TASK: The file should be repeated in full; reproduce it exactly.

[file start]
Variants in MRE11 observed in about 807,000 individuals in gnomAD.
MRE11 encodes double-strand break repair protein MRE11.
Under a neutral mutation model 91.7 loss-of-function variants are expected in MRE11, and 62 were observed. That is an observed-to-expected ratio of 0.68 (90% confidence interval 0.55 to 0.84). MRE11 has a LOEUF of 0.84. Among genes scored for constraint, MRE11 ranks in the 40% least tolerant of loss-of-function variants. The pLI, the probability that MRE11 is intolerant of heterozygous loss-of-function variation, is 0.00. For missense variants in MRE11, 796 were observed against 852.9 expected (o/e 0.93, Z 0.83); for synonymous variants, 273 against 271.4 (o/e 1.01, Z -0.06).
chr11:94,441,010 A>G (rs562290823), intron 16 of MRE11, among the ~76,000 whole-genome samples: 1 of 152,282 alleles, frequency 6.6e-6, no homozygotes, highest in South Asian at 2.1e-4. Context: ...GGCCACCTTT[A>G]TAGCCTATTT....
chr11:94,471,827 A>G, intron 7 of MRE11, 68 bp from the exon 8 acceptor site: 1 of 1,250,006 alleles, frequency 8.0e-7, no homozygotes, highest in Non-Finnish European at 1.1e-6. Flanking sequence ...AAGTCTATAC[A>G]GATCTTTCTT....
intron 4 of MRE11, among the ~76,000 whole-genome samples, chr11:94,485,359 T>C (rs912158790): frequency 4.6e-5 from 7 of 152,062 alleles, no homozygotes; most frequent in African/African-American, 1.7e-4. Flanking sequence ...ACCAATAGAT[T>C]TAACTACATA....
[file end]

Variants in MRE11 observed in about 807,000 individuals in gnomAD.
MRE11 encodes double-strand break repair protein MRE11.
Under a neutral mutation model 91.7 loss-of-function variants are expected in MRE11, and 62 were observed. That is an observed-to-expected ratio of 0.68 (90% confidence interval 0.55 to 0.84). MRE11 has a LOEUF of 0.84. Among genes scored for constraint, MRE11 ranks in the 40% least tolerant of loss-of-function variants. The pLI, the probability that MRE11 is intolerant of heterozygous loss-of-function variation, is 0.00. For missense variants in MRE11, 796 were observed against 852.9 expected (o/e 0.93, Z 0.83); for synonymous variants, 273 against 271.4 (o/e 1.01, Z -0.06).
chr11:94,441,010 A>G (rs562290823), intron 16 of MRE11, among the ~76,000 whole-genome samples: 1 of 152,282 alleles, frequency 6.6e-6, no homozygotes, highest in South Asian at 2.1e-4. Context: ...GGCCACCTTT[A>G]TAGCCTATTT....
chr11:94,471,827 A>G, intron 7 of MRE11, 68 bp from the exon 8 acceptor site: 1 of 1,250,006 alleles, frequency 8.0e-7, no homozygotes, highest in Non-Finnish European at 1.1e-6. Flanking sequence ...AAGTCTATAC[A>G]GATCTTTCTT....
intron 4 of MRE11, among the ~76,000 whole-genome samples, chr11:94,485,359 T>C (rs912158790): frequency 4.6e-5 from 7 of 152,062 alleles, no homozygotes; most frequent in African/African-American, 1.7e-4. Flanking sequence ...ACCAATAGAT[T>C]TAACTACATA....